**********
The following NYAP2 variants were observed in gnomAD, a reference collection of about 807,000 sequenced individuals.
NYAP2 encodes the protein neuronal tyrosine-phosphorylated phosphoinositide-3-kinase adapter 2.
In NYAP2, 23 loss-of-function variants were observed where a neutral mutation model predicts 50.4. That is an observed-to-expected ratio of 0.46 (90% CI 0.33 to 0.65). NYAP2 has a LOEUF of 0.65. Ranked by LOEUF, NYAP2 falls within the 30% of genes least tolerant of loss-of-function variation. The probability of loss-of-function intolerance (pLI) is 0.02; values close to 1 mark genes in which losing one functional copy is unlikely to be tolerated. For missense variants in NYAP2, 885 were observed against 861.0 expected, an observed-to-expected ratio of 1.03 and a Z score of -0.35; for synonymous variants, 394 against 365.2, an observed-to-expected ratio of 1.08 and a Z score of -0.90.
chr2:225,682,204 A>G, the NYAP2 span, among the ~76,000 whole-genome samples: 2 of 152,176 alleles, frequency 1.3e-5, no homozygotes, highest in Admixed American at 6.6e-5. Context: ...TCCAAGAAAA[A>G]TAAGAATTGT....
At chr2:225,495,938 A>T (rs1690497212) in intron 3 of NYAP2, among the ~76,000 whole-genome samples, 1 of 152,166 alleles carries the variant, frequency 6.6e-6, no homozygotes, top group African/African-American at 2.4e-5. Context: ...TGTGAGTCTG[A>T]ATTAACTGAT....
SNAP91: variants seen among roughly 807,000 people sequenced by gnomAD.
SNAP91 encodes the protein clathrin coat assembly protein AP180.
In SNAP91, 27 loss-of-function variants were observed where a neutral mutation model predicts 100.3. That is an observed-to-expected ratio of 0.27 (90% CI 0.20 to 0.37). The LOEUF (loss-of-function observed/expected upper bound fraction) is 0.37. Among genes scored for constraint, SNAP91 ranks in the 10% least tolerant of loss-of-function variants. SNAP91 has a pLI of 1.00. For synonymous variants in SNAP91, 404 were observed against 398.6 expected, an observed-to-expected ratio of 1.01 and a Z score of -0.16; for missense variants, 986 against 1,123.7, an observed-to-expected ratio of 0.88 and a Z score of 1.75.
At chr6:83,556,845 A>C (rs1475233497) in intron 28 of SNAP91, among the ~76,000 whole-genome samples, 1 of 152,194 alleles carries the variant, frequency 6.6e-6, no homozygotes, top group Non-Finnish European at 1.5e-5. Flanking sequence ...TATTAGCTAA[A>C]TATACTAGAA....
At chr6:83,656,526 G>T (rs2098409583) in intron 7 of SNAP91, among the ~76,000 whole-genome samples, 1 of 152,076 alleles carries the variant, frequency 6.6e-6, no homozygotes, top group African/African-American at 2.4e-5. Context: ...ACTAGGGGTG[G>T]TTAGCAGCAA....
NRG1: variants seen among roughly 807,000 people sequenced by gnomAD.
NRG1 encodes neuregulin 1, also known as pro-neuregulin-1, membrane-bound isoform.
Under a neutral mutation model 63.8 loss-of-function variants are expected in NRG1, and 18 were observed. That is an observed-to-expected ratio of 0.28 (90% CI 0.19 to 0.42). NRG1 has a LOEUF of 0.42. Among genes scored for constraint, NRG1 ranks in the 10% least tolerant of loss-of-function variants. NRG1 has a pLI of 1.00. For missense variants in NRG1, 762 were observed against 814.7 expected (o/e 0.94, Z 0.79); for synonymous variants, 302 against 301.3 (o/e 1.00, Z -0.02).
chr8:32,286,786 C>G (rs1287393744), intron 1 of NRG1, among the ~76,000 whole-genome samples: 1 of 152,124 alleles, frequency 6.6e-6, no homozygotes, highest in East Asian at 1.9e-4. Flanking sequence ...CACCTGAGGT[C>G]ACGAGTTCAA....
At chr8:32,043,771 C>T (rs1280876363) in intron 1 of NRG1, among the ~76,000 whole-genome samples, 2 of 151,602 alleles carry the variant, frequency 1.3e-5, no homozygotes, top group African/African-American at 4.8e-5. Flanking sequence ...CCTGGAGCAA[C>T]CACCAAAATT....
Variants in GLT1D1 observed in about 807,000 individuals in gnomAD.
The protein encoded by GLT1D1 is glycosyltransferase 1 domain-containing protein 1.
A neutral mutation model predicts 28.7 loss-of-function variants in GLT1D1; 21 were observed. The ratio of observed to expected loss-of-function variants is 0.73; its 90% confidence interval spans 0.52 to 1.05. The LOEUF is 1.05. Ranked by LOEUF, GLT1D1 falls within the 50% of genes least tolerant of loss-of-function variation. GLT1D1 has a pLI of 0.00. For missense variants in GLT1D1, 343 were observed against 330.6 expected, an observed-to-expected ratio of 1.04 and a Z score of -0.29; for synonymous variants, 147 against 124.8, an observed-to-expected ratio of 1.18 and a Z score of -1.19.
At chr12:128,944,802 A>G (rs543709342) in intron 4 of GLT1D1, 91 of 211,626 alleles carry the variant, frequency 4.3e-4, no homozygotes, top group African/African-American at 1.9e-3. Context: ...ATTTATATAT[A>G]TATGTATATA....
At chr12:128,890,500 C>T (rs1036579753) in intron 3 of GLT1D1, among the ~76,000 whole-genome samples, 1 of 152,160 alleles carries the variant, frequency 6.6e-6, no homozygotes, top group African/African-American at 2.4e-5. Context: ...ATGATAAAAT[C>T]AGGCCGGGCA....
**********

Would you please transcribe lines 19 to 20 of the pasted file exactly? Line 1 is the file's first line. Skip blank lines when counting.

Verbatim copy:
At chr12:128,944,802 A>G (rs543709342) in intron 4 of GLT1D1, 91 of 211,626 alleles carry the variant, frequency 4.3e-4, no homozygotes, top group African/African-American at 1.9e-3. Context: ...ATTTATATAT[A>G]TATGTATATA....
At chr12:128,890,500 C>T (rs1036579753) in intron 3 of GLT1D1, among the ~76,000 whole-genome samples, 1 of 152,160 alleles carries the variant, frequency 6.6e-6, no homozygotes, top group African/African-American at 2.4e-5. Context: ...ATGATAAAAT[C>T]AGGCCGGGCA....